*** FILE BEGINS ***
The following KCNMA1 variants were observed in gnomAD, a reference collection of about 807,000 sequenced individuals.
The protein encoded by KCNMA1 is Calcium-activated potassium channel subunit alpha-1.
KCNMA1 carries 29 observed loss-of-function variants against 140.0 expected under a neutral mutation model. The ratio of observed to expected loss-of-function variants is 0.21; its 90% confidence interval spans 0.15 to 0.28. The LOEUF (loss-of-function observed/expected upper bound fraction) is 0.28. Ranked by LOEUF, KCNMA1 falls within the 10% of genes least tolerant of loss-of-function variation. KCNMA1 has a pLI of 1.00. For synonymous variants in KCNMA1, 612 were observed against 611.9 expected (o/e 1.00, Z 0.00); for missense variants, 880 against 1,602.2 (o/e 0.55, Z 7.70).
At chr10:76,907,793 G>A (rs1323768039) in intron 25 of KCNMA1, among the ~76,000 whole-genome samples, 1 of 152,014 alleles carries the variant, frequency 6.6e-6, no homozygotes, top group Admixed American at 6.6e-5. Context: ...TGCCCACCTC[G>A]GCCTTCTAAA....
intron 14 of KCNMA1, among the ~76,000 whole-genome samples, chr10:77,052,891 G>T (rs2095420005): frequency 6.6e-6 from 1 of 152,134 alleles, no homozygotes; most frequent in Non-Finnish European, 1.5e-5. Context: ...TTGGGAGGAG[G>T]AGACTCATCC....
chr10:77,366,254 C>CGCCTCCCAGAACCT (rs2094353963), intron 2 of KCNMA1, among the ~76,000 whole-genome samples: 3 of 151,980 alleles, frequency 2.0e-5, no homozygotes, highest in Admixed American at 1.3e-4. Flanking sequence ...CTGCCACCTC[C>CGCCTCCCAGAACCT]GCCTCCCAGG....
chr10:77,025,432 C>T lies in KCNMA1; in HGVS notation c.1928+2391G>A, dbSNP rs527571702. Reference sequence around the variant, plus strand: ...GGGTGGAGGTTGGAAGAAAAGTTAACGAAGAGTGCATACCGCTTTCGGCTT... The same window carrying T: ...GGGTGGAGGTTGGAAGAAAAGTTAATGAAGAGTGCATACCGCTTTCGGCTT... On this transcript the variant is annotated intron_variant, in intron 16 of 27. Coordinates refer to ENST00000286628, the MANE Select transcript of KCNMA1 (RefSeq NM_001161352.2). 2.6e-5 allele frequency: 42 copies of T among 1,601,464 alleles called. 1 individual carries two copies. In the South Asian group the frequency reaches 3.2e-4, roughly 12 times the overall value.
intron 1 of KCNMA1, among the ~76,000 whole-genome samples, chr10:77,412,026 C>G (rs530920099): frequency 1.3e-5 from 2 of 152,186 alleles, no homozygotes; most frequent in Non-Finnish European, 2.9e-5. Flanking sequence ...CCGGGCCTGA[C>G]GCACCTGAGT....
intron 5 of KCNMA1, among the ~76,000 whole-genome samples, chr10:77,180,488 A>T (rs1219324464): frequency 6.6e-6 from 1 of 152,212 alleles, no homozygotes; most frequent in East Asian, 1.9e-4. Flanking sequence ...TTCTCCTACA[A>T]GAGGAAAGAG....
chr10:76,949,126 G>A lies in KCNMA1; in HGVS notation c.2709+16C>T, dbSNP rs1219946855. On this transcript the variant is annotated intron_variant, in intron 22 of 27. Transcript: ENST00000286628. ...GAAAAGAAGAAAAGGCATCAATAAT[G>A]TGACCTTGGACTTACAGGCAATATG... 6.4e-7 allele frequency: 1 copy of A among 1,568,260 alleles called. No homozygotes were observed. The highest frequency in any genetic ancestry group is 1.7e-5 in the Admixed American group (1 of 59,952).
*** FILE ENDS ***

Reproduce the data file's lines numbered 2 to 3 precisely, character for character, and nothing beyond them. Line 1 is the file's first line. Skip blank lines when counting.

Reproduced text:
The protein encoded by KCNMA1 is Calcium-activated potassium channel subunit alpha-1.
KCNMA1 carries 29 observed loss-of-function variants against 140.0 expected under a neutral mutation model. The ratio of observed to expected loss-of-function variants is 0.21; its 90% confidence interval spans 0.15 to 0.28. The LOEUF (loss-of-function observed/expected upper bound fraction) is 0.28. Ranked by LOEUF, KCNMA1 falls within the 10% of genes least tolerant of loss-of-function variation. KCNMA1 has a pLI of 1.00. For synonymous variants in KCNMA1, 612 were observed against 611.9 expected (o/e 1.00, Z 0.00); for missense variants, 880 against 1,602.2 (o/e 0.55, Z 7.70).